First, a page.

Although it may have nothing to do with it, this looks like an old problem I used to have programming in VB with not releasing resources. This is common in programs if you don't properly release resources when you are finished with them or have an event using a routine that is called by a timer again before the first use finishes. It is usually associated with using up all the 'stack'.( Some people use the term dissapearing up a fundamental something)

                This would explain why restarting the PE9 application fixes the problem otherwise there is no way to clear the stack bottleneck.


                Observing the CPU usage graphs I saw that every situation that caused  the preview to falter or the sound stutter, the CPUs were working at  100%


                Observing the memory usage everything looks OK during preview running  with the 2 processors running at 50%  and there being over 2gb memory  left even when everything is running very slowly and jerky. So I don't think it could be a lack of memory problem.


                I can easily reproduce this 'resources' effect on my computer by the following procedure using the resource hungly stabilizer:

                1. apply the stabilizer to a short full HD clip. Dont render this yet.

                2. CTRL alt delete to show the performance processor and memory graphs.

                3. Select the stabilised clip.

                4 When I drag the WindowsXP dialog box I get a white shadow across the screen where the box has been, when trying to play the selected unrendered stabilised clip and sometimes a series of ghosts of the windows dialog box if I move it fast.

                5. Clicking the viewing point to a clip without effects makes everything go back to normal.

                6. Do this a few times and everything gets slower the more you do it until you restart PE9


                When I play a normal clip the white shadow of a moving dialog box is hardly noticable and decays rapidly as you would expect.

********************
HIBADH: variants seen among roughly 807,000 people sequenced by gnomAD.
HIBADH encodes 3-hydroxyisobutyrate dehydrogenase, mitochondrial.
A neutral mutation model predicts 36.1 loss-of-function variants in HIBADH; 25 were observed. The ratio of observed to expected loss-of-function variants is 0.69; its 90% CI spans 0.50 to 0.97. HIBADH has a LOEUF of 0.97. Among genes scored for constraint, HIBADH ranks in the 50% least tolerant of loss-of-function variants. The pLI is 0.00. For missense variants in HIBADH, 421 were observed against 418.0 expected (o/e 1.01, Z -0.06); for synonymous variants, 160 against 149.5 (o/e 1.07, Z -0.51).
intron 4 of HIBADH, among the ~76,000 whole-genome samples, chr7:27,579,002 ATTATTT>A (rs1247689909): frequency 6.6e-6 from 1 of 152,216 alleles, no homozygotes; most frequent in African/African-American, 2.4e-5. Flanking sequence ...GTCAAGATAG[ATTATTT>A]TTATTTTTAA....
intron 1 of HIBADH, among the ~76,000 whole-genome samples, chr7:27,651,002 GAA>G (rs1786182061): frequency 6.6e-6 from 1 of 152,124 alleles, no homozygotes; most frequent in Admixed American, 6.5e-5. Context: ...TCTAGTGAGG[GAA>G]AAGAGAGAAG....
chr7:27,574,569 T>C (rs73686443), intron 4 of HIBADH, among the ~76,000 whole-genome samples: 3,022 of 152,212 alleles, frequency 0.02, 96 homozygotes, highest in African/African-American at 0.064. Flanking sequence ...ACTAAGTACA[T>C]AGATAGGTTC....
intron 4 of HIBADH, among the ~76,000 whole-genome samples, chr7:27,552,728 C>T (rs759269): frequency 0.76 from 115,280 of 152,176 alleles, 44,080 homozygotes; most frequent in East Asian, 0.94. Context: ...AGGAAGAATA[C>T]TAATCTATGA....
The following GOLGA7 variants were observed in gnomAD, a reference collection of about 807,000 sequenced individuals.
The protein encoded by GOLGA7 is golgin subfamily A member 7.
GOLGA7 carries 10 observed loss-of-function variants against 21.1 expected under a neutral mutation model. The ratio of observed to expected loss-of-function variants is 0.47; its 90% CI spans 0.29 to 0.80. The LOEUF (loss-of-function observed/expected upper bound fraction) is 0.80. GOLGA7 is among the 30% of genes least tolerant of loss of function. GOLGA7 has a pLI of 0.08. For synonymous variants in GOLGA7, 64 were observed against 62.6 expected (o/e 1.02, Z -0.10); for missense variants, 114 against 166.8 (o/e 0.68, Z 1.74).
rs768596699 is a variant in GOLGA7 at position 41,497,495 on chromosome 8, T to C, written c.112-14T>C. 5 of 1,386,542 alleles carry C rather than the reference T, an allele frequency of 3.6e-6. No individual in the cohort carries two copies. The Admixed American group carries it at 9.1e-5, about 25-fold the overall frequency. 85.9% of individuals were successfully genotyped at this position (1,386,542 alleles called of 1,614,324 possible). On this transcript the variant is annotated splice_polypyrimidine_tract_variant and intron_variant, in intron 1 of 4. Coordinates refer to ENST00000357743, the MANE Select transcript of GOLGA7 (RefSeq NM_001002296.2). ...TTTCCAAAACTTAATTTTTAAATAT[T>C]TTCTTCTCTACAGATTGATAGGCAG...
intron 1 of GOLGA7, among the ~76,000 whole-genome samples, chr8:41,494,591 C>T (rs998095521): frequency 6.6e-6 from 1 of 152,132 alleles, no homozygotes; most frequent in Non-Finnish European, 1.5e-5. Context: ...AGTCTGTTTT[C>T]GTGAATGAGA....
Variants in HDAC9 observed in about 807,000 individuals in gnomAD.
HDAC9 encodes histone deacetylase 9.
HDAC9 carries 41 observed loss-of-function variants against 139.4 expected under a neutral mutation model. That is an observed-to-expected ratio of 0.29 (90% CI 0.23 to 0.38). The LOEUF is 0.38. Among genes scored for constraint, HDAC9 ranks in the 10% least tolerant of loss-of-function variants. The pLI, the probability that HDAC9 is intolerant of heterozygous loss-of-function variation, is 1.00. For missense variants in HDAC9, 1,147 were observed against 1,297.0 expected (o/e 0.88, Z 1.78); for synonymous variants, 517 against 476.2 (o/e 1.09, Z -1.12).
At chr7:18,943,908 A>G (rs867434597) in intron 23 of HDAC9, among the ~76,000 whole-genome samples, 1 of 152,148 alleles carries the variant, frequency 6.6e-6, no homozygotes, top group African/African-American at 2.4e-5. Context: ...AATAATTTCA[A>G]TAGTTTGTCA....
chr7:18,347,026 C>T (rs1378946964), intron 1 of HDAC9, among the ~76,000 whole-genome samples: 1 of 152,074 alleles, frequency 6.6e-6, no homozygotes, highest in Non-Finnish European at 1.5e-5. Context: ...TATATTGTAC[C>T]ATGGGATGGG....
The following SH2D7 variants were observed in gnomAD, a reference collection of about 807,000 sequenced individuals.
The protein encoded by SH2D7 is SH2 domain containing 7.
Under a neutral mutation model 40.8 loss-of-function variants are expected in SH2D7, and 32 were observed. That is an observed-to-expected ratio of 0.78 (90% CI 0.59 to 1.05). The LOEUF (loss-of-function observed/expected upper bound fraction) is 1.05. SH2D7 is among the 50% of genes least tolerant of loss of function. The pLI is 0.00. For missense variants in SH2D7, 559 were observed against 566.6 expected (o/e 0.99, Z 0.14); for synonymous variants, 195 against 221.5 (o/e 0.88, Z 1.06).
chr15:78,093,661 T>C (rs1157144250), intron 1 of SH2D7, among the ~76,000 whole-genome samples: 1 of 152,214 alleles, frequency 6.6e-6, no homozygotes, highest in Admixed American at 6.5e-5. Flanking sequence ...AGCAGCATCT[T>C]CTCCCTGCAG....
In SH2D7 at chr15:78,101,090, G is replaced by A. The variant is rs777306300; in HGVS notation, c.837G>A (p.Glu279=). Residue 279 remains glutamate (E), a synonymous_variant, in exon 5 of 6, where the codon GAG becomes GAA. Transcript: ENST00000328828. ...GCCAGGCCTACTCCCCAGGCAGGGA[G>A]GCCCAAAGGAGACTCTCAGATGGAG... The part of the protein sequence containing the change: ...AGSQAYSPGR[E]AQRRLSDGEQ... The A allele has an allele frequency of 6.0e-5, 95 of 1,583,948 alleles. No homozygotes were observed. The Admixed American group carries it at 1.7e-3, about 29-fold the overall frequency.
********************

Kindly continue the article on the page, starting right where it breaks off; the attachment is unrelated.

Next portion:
When I play a freshly rendered complicate sequence on a recently started PE9 it plays perfectly.


                Try to preview a cross fade between two unrendered stabilized tracks with titles over it and you get total winter in the south pole for a minute!


                Because the same video is on my screen rendered or not I dont think it could be a problem with my video card.


                This seems to me to be either or both:-

                1.a resources allocation problem in PE9. ( a PE9 programming fault) or

                2. because PE9 application is performing routines repeatedly in a strict time sequence (25 per second), if the first event doesnt finish before the second is called, eventually the stack will be used up.  They should have built in a safeguard for slower computers by simply slowing down the preview enough for the rest of the computer to function - not freeze it - (a PE9 programming weakness)


                This seems to show why 4 CPUs are almost mandatory because a process could be happening in 4 instances in sucession and overlap before it was wanted by the fifth and so on. More RAM or a little faster CPU isn't going to help


                Anybody else agree or disagree or have observed this slowing down over time effect?